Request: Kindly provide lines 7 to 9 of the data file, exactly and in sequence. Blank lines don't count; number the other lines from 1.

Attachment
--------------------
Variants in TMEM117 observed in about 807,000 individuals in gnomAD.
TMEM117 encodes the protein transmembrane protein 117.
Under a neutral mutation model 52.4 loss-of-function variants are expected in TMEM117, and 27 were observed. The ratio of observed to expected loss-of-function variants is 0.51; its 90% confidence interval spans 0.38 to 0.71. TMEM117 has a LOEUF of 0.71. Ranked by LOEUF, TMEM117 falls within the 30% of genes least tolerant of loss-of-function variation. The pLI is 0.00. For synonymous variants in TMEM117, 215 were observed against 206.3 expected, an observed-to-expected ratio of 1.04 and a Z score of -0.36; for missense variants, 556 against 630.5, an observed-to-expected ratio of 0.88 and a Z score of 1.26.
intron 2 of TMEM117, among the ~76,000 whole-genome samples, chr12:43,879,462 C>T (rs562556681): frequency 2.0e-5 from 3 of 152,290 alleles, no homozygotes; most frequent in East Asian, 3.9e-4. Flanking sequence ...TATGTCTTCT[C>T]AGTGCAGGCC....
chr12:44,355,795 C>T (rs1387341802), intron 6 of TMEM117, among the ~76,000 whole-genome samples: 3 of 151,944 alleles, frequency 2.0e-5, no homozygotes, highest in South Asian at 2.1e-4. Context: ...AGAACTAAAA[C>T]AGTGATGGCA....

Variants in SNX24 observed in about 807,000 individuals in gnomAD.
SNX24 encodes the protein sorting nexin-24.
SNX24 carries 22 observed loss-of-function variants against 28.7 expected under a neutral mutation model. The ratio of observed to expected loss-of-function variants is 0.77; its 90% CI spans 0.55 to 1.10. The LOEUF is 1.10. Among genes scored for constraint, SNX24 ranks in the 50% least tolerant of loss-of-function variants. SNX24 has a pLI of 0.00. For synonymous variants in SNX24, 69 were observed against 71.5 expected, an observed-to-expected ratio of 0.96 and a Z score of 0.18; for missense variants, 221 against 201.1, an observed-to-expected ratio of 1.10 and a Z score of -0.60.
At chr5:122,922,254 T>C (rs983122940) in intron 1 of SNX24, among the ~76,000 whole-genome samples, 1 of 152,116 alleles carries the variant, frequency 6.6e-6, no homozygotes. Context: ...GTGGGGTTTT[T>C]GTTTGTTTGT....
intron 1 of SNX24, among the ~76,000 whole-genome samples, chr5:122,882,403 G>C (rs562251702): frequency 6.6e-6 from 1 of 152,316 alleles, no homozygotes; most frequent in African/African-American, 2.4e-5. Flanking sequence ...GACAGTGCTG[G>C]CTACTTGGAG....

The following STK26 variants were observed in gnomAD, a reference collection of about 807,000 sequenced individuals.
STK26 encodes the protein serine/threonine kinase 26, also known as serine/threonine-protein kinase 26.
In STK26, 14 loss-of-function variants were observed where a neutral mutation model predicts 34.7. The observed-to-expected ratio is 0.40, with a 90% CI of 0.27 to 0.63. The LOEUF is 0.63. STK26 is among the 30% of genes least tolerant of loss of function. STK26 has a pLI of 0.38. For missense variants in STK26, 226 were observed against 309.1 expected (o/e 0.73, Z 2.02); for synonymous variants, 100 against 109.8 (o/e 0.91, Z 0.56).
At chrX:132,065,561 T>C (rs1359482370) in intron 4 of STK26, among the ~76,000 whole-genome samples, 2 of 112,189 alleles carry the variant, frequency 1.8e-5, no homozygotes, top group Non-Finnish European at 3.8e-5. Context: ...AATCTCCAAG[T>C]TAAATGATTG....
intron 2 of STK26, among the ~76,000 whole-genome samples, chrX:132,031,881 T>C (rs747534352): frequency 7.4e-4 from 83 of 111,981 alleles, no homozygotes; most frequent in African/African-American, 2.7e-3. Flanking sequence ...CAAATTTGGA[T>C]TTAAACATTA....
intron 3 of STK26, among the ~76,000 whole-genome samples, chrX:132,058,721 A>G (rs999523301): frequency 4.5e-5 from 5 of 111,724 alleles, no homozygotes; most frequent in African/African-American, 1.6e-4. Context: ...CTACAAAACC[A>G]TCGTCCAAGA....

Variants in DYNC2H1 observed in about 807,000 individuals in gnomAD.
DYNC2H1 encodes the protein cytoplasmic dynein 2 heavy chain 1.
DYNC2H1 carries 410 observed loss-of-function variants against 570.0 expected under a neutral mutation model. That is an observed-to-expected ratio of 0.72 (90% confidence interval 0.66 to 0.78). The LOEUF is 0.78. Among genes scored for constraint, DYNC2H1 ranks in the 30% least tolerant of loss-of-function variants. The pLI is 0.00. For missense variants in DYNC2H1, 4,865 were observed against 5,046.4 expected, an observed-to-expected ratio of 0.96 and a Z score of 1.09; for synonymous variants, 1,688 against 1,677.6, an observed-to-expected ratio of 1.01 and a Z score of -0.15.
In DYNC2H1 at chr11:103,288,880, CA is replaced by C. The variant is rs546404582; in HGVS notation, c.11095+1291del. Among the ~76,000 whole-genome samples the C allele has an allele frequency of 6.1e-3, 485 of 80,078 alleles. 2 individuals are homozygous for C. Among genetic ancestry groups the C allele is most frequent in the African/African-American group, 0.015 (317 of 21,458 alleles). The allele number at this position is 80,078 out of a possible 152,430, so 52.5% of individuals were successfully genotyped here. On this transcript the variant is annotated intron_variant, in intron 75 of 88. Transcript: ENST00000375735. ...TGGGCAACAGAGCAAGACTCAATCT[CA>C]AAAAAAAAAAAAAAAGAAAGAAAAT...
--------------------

SNX24 encodes the protein sorting nexin-24.
SNX24 carries 22 observed loss-of-function variants against 28.7 expected under a neutral mutation model. The ratio of observed to expected loss-of-function variants is 0.77; its 90% CI spans 0.55 to 1.10. The LOEUF is 1.10. Among genes scored for constraint, SNX24 ranks in the 50% least tolerant of loss-of-function variants. SNX24 has a pLI of 0.00. For synonymous variants in SNX24, 69 were observed against 71.5 expected, an observed-to-expected ratio of 0.96 and a Z score of 0.18; for missense variants, 221 against 201.1, an observed-to-expected ratio of 1.10 and a Z score of -0.60.
At chr5:122,922,254 T>C (rs983122940) in intron 1 of SNX24, among the ~76,000 whole-genome samples, 1 of 152,116 alleles carries the variant, frequency 6.6e-6, no homozygotes. Context: ...GTGGGGTTTT[T>C]GTTTGTTTGT....